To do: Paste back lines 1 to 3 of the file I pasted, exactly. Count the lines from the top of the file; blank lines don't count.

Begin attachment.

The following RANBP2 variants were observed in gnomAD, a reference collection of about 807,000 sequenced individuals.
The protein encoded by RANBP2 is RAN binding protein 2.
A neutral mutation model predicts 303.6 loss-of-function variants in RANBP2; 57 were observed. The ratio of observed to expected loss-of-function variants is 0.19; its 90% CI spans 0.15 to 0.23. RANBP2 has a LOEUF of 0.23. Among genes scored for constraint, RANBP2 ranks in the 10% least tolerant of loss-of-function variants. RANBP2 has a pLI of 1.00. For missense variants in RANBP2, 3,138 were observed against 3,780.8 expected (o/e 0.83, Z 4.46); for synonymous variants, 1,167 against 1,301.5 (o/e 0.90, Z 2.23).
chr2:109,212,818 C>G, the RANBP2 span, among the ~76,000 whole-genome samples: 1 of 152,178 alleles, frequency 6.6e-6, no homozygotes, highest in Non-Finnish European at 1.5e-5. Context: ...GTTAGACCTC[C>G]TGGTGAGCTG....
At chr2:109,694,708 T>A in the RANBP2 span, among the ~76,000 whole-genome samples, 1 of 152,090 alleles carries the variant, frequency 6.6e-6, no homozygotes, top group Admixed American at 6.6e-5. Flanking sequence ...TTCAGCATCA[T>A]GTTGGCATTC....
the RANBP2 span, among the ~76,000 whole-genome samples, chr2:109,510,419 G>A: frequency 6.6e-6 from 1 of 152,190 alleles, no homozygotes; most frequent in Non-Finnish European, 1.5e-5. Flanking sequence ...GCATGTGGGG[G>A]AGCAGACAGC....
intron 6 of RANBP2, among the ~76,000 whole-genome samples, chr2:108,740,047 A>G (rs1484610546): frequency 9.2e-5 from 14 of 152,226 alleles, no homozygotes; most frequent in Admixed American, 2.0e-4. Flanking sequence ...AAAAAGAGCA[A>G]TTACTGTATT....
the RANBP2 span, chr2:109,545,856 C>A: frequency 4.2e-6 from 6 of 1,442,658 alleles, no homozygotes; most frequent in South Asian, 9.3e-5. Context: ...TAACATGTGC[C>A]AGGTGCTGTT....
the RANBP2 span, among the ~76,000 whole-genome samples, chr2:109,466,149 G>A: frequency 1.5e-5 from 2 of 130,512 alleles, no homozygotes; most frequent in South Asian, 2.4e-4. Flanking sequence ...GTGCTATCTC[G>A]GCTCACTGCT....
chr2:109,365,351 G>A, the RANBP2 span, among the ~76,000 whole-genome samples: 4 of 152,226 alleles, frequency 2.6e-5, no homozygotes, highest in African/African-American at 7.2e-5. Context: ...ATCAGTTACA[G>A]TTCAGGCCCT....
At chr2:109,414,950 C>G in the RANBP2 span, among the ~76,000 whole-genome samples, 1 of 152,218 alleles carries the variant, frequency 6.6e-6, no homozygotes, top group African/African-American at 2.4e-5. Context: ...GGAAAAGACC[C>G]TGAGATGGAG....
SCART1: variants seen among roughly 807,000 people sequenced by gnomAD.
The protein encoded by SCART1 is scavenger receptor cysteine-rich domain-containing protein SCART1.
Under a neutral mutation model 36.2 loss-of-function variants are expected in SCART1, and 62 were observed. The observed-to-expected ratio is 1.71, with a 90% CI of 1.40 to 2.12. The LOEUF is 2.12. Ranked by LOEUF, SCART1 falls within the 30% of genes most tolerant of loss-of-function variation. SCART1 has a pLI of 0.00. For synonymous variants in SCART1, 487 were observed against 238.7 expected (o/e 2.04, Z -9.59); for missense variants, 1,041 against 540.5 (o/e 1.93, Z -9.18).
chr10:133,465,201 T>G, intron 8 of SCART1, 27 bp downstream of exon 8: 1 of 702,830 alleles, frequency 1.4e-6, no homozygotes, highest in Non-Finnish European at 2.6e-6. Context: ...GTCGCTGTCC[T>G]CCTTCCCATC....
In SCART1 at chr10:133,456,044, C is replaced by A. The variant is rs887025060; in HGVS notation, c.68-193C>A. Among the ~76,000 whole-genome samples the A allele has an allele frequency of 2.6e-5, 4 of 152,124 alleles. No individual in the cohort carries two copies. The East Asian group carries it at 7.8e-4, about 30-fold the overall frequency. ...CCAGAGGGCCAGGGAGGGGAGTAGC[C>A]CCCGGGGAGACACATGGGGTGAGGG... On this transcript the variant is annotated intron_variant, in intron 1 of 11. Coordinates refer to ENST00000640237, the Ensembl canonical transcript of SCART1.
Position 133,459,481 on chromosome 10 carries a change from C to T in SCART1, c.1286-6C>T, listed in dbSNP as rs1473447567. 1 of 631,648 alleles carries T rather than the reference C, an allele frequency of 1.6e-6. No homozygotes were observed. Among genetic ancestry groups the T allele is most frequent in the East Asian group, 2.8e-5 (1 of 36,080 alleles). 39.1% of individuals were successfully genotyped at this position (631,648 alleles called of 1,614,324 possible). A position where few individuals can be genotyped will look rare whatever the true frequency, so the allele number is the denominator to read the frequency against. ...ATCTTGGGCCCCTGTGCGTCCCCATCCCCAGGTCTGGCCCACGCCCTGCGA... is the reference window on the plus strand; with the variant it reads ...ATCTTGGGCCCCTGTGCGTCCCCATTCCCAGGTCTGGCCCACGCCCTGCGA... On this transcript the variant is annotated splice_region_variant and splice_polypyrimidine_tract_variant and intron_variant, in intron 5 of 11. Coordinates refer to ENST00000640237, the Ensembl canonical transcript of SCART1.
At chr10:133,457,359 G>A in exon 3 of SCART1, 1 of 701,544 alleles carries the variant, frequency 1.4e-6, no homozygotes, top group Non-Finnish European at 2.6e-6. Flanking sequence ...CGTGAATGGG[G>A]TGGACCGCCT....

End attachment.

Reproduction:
The following RANBP2 variants were observed in gnomAD, a reference collection of about 807,000 sequenced individuals.
The protein encoded by RANBP2 is RAN binding protein 2.
A neutral mutation model predicts 303.6 loss-of-function variants in RANBP2; 57 were observed. The ratio of observed to expected loss-of-function variants is 0.19; its 90% CI spans 0.15 to 0.23. RANBP2 has a LOEUF of 0.23. Among genes scored for constraint, RANBP2 ranks in the 10% least tolerant of loss-of-function variants. RANBP2 has a pLI of 1.00. For missense variants in RANBP2, 3,138 were observed against 3,780.8 expected (o/e 0.83, Z 4.46); for synonymous variants, 1,167 against 1,301.5 (o/e 0.90, Z 2.23).